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Hown Does Democracy Happen? Essay

1501 words - 6 pages

Democracy (“rule by the people” when translated) comes from the Greek language. In ancient Greece, where popular government first appeared around 500 B.C., these systems were called democracies. (Dahl, 78) Those called “democracies” in classical antiquity advocates in both theory and practice of becoming modern democracies. Since the end of Cold War era, the modern civilizations strive to create, or preserve democracy as one of the ultimate ideals. (Shah) Accordingly, a number of democracies have flowered in East Asia, Eastern Europe, and South America and enough have floundered to spark a vigorous debate about what it takes to create a lasting liberal order.(Patten, 1) Even the Middle East – the Arab World is slightly on the road to democratizing since the Arab Spring. How does democracy happen? In this essay, I would like to focus on the fundamental principles of democracy according to the Schmitter and Karl’s article “What Democracy Is … and Is Not”, and would like to examine the emergence of democracy according to the article “Economic Development and Democracy” by Seymour Martin Lipset, “Bowling Alone” by Robert Putnam and “Why Democracies Survive” by Larry Diamond.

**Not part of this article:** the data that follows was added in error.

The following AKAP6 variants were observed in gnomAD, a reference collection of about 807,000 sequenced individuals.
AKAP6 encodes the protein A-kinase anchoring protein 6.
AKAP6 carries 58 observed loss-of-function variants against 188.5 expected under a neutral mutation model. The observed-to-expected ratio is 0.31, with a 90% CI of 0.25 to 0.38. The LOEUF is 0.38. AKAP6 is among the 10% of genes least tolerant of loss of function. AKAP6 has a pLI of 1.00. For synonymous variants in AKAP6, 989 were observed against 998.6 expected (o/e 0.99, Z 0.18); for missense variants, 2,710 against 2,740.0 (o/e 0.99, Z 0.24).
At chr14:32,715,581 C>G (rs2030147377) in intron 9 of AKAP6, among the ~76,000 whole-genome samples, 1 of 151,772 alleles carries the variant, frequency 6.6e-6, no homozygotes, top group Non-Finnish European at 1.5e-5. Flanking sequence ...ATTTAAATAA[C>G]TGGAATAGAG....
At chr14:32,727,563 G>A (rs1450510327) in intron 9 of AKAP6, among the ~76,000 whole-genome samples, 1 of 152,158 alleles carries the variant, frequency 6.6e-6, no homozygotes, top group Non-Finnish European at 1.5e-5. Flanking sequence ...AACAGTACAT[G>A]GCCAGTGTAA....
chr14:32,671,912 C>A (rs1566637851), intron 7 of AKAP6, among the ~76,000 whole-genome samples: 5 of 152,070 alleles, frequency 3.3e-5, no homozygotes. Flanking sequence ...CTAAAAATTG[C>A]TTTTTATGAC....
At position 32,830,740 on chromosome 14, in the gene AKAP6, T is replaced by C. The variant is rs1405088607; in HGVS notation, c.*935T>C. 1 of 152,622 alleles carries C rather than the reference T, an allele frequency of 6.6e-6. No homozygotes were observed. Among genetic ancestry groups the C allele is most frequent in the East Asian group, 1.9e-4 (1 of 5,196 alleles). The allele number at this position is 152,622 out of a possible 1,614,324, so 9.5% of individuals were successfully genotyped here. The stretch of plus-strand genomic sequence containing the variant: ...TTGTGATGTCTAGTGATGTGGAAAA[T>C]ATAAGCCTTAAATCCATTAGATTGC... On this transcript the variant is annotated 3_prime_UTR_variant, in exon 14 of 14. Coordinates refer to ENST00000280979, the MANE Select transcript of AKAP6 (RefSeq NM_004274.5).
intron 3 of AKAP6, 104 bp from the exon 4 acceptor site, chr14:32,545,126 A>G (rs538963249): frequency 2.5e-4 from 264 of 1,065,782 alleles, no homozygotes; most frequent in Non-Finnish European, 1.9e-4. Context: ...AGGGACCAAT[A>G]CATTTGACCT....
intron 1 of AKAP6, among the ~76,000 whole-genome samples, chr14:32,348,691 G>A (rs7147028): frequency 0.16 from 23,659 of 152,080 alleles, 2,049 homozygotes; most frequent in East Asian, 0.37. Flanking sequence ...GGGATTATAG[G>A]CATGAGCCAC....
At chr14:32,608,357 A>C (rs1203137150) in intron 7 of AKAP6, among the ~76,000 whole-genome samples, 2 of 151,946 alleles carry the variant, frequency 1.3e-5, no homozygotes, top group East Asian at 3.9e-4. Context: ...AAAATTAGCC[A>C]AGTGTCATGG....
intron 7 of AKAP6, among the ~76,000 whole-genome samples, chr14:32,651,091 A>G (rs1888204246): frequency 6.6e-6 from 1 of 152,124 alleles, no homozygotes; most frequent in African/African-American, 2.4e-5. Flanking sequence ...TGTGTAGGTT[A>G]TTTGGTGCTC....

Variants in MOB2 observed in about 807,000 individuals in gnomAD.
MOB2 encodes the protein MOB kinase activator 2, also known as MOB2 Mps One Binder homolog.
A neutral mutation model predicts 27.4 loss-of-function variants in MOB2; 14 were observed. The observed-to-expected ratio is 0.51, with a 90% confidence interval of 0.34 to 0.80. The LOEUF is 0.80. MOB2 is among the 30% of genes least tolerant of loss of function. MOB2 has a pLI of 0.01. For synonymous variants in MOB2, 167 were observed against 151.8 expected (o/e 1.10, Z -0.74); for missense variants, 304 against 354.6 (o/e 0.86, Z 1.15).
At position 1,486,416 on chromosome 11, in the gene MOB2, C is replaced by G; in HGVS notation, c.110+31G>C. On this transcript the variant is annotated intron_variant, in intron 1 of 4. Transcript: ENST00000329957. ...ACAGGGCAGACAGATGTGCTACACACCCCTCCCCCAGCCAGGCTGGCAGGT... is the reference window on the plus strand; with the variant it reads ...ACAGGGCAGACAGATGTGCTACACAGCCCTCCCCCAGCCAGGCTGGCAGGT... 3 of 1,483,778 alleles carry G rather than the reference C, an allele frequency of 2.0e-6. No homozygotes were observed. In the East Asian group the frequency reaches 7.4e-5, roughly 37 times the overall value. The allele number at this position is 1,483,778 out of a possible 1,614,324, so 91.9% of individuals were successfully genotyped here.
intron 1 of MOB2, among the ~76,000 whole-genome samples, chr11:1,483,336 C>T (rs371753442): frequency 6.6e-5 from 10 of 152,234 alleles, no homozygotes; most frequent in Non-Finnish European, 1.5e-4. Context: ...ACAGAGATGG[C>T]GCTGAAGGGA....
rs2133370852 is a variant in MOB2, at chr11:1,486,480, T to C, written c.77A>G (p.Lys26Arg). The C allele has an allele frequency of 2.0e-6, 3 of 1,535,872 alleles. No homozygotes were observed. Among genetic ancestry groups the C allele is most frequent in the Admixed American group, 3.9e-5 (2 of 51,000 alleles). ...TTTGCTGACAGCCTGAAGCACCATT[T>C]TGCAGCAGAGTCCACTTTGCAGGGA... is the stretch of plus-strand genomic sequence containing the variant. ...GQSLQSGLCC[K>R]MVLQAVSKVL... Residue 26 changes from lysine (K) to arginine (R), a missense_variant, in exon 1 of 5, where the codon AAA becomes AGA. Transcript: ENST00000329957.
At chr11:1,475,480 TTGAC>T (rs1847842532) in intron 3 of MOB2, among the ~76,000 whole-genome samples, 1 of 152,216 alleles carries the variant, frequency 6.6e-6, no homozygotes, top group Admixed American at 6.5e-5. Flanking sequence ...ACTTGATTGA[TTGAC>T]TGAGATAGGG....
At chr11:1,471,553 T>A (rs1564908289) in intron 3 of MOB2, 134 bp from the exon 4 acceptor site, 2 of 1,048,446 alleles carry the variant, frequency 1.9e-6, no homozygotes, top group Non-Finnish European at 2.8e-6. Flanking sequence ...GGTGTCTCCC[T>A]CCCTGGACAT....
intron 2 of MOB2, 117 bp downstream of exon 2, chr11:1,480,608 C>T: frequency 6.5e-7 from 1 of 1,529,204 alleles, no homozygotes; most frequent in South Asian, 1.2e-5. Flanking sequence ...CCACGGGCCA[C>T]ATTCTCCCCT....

First of all, let explore the concepts of democracy that Schmitter and Karl explain. They highlighted the definition of the democracy as “Modern political democracy is a system of governance in which rulers are held accountable for their actions in the public realm by citizens, acting indirectly through the competition and cooperation of their elected representatives.” (Schmitter and Karl, 76) The authors believe that there are various kinds of democracies, but there must be some "procedural minimum" conditions for democracy. They agree with the elements that defined by the prominent political scientist Robert A. Dahl’s polyarchy which are: opportunities to oppose the government, right to form political organizations, right to express oneself on political matters without fear of governmental reprisals, to read and hear alternative points of view, vote by secret ballot in elections in which candidates of different parties compete for votes and after which the losing candidates peacefully yield their claim to office to the winners, etc. In addition, according to Schmitter and Karl, there should be principles such as “elected officials can exercise constitutional powers without subjecting to overriding opposition from unelected officials and must act independently from an overarching political system”.(81) If the mentioned principles are fulfilled in the sovereign nations, they can identify as having feasible democratic political systems. On the other hand, the authors reject some of the norms that people believes democracy should have provide. They argued that democracies are not necessarily more economic efficient, not necessarily more efficient administratively and not likely to appear more orderly or stable than autocracy. (Schmitter and Karl, 85-86) Consequently, a nation...

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